Karin Lowachee on “Ozymandias”

The Gaslight Dogs by Karin Lowachee
The Gaslight Dogs by Karin Lowachee

Q: Tell us about your story in Bridging Infinity?

The concept of the anthology intrigued me, but to be honest I cycled through a handful of ideas before settling on the one that became Ozymandias. The title refers to the sonnet by Percy Bysshe Shelley, one of my favorites since I was young, because of the theme of inevitable collapse or destruction that follows some great creation. At the center of the story is a n’er-do-well named Luis Estrada and the AI SIFU who occupy a giant “light station” in space, which is essentially like a lighthouse in the cosmos, albeit military owned. Hijinks ensue.

Q: What was the inspiration behind your story?

I thought of the enormity and isolation of something that would essentially be a beacon and replenishment depot for military convoys in space. It would be mostly run by an AI, but for redundancy purposes, entail a human live-in engineer. As Luis came alive on the page, I realized I wanted a more light-hearted approach – a character who is not in awe of any feat of engineering, but would rather just make a buck. He would be the perfect point-of-view to kind of de-romanticize these massive creations that humanity tends to take such pride in. I wanted to explore the concept of destruction, the fact that things built by hand (or robots) can still be taken down. We shouldn’t get too cocky about our achievements.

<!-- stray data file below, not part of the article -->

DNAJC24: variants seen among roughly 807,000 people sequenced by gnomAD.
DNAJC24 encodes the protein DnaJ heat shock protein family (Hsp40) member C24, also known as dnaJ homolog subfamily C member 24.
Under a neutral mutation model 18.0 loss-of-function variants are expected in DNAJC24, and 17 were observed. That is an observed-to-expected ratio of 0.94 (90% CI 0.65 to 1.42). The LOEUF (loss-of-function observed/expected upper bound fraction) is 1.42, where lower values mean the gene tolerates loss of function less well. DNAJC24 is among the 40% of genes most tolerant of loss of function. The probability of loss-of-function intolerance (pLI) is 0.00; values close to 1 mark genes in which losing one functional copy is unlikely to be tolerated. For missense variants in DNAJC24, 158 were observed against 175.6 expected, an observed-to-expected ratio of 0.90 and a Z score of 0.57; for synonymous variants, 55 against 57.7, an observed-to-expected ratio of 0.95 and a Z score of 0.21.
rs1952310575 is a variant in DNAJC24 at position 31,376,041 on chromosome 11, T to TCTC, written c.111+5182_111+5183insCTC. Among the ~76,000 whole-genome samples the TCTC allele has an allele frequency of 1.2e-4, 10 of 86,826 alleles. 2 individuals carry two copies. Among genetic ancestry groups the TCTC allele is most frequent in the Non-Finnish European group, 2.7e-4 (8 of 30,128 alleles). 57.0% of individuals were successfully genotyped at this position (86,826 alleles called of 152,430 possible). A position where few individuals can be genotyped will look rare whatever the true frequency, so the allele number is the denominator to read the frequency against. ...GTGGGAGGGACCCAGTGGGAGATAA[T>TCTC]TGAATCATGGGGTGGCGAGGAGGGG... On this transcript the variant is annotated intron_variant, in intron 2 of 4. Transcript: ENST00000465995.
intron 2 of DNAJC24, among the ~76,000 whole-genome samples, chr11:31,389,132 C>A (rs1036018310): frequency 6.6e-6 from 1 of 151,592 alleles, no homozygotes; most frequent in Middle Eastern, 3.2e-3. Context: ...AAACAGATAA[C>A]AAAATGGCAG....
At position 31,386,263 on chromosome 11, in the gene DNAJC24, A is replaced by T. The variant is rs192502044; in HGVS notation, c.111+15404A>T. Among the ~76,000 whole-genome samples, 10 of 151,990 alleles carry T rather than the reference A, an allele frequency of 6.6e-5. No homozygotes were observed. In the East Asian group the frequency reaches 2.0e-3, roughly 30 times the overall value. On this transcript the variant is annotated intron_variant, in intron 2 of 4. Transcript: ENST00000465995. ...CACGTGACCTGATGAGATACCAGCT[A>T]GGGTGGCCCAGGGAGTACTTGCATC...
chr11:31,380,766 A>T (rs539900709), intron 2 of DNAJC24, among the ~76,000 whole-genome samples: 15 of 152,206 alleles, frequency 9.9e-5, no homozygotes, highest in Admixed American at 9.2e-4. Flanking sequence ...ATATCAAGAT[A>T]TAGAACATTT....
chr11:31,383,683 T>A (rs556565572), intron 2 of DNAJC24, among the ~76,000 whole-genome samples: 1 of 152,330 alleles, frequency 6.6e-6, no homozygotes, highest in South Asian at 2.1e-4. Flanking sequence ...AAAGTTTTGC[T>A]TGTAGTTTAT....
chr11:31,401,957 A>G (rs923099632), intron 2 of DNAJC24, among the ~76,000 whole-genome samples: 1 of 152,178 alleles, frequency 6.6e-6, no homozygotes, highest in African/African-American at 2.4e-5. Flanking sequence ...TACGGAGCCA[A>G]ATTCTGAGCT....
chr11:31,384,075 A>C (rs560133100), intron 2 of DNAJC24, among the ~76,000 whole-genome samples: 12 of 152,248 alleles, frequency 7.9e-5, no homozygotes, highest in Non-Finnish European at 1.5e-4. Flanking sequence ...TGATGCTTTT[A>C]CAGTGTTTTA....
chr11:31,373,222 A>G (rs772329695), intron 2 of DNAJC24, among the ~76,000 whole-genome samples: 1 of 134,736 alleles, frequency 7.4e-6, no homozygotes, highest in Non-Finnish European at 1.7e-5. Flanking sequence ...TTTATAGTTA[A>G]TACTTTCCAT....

Q: What do you believe makes a good science fiction story?

To me, science fiction is a genre of ideas, metaphor, exploration. It’s a boundless genre with the potential for great depth – of both emotion and concept. Everything from Cormac McCarthy’s The Road to Isaac Asimov’s Foundation series can be folded under the umbrella of science fiction. This is why I love writing in the genre. It can take any number of avenues – some people are deft at exploring the scientific side, others the psychological or sociological. Ideally, for me, there’s some combination of a few facets. Science fiction is a literary thought experiment that writers pursue to some sort of conclusion.

Q: What are you working on now? And if people like your story in the book, what other work of yours should they seek out?

“Ozymandias” takes place in the same universe as my Warchild science fiction series, albeit in an earlier era. The tone is a little different from the series but it’s essentially the same style. I just wanted to toss in another note to the world I’d created in the book series. I’m currently writing the fourth novel in that series, as well as other projects that will hopefully take flight before too long.

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